Dancing with your baby
We all understand intuitively the necessity of better bonding with the new-born baby and research has shed light on the importance of early child-caregiver interactions for the formation of what is called ‘secure attachment‘ in the baby. We also know the importance of the first few critical years of development and why all the sensory and motor modalities of the infant needs to be adequately stimulated for proper and timely achievement of developmental milestones.
What we don’t typically appreciate is that dancing with your newborn baby may be just such an exercise which involves all the senses of the baby while also providing adequate motor workout for both the baby and the caregiver.
Come Sue Doherty on the scene, and with her thoroughly researched and elaborately written book ‘Dancing with your Baby: For bonding and better health for both of you’ she makes a persuasive case for kinergetcis or taking time out to dance holding your baby using different postures and carriages.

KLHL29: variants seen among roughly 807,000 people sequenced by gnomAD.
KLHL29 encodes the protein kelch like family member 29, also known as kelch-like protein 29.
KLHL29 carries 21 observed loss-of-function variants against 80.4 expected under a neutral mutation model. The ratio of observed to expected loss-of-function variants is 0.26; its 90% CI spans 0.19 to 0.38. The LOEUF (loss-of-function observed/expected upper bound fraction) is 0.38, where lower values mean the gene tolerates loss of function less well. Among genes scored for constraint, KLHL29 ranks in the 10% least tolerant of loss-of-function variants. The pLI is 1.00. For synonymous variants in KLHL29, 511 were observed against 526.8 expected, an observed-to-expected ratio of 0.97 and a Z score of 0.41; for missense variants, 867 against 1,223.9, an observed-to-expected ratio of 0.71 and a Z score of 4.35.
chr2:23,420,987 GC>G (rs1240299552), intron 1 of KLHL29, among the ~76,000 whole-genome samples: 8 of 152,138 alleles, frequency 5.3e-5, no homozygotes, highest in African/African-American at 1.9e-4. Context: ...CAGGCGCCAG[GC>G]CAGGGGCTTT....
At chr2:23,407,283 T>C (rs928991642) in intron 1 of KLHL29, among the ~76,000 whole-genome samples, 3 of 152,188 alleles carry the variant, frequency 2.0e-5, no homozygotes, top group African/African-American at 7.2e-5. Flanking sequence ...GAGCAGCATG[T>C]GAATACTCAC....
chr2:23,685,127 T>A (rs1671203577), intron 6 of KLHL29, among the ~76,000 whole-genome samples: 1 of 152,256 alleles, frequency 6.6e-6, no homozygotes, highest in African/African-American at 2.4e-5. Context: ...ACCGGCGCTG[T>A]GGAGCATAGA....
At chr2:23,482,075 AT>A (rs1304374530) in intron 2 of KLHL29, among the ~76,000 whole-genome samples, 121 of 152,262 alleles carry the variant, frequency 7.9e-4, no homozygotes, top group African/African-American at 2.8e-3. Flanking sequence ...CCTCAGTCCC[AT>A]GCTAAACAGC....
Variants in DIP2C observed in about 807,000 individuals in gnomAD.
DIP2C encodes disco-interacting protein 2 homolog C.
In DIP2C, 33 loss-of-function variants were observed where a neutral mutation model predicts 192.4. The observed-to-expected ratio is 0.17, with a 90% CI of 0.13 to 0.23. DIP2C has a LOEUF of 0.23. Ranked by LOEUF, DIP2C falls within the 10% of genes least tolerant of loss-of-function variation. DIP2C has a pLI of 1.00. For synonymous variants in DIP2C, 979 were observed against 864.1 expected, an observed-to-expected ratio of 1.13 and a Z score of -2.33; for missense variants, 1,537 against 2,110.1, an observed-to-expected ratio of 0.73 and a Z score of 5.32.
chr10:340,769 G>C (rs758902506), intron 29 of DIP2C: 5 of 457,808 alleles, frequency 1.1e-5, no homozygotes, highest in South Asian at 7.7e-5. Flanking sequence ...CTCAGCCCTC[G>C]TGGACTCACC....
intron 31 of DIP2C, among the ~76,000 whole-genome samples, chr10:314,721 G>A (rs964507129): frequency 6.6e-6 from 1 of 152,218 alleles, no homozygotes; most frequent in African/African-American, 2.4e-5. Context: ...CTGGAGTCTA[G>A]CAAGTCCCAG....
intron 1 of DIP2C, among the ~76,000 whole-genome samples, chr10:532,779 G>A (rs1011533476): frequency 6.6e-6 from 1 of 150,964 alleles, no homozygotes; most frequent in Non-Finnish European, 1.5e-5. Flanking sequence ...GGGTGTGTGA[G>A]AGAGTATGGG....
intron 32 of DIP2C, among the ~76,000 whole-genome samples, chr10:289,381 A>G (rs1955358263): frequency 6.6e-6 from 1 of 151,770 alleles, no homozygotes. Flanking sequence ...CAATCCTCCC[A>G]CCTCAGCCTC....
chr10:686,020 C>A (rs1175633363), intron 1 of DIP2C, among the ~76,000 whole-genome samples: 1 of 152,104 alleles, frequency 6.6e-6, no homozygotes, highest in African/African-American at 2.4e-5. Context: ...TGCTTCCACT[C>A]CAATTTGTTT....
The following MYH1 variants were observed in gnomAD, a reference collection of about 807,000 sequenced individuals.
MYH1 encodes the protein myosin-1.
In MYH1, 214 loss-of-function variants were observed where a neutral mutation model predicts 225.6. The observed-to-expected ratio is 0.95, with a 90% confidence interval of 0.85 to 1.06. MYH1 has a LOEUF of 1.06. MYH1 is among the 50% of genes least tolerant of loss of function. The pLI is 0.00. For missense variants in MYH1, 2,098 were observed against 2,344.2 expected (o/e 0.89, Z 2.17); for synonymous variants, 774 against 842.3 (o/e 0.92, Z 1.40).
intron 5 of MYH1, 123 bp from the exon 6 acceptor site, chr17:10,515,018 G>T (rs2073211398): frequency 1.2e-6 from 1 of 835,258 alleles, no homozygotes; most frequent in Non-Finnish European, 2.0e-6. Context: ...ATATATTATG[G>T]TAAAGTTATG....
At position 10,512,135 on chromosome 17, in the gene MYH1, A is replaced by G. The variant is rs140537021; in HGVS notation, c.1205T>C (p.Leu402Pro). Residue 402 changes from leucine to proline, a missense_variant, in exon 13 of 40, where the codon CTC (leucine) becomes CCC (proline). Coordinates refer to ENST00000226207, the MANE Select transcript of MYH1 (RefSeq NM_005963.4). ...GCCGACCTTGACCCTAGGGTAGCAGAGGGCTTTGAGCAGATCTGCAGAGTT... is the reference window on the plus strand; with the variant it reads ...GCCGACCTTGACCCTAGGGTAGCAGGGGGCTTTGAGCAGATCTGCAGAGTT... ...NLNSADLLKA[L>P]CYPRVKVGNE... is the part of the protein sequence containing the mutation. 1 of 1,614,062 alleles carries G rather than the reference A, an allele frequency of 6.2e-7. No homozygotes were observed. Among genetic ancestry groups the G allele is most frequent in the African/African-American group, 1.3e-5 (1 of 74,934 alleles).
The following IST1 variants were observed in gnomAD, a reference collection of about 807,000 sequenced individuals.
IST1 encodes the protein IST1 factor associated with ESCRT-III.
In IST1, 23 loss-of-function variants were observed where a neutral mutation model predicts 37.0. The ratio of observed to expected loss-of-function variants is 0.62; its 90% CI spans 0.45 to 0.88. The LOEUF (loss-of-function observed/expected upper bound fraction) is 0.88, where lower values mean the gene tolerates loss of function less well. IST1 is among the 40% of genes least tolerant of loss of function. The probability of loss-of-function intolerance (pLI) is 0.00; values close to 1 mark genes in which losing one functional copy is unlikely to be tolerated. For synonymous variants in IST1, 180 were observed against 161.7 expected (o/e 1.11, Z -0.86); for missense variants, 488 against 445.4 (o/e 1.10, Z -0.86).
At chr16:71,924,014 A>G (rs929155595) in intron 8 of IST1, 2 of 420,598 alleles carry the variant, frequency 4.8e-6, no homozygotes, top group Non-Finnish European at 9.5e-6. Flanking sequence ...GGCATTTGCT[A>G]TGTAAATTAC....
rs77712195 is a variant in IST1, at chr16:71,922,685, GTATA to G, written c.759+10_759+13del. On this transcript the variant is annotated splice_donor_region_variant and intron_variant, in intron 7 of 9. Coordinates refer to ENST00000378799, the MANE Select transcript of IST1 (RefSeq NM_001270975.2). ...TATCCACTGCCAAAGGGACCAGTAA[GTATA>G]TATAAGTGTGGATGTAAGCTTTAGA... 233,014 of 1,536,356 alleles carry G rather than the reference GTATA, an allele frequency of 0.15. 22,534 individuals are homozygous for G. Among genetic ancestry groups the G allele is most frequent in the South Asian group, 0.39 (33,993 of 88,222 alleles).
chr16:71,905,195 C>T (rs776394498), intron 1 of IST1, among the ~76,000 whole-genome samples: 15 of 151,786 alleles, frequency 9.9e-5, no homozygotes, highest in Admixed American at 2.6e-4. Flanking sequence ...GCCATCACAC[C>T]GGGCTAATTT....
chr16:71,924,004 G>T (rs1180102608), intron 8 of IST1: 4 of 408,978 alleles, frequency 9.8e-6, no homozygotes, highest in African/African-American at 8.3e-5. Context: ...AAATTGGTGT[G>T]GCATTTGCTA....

She recommends this dance or workout at least three times a week in either 30 minutes chunk or 2-3 bursts of 10 minutes each. The books is aptly illustrated and comes packed with detailed instructions and do and don’t of each pose or workout. Along with the basic dance or workout there are Tai-chi and yoga based warm-up and stretching illustrations too.
The book is peppered with quotes and cutting edge research findings by psychologists and neuroscientists and vouch for Sue’s erudition and thorough ground work.
It would make for a good gift for those expecting or who are already parents of new-born babies. The basic idea is to safely use the baby as a weight for the workout of the caregiver, but at all times focusing primarily on the need and enjoyment of the baby. There are dedicated chapters on the importance of sound, touch , movement, special needs children etc and while some chapters are heavy on the scientific aspect of why its important to dance with your baby , the latter part of the book is more focused on how to dance with your baby and makes for a comparatively easier read.
One downside I noted was that sometimes excessive quotations from experts gets in the way of flow of the book and this could have easily been rectified with some smart editing. But overall I enjoyed reading this book by my twitter friend Sue Doherty (@storiesmatter)
If you are expecting a baby or a parent of a newborn, go buy this book and start dancing with a light step and a song in your heart! No better experience than to be a parent of a new-born!! and no better way to celebrate it than by dancing with him/ her!!!
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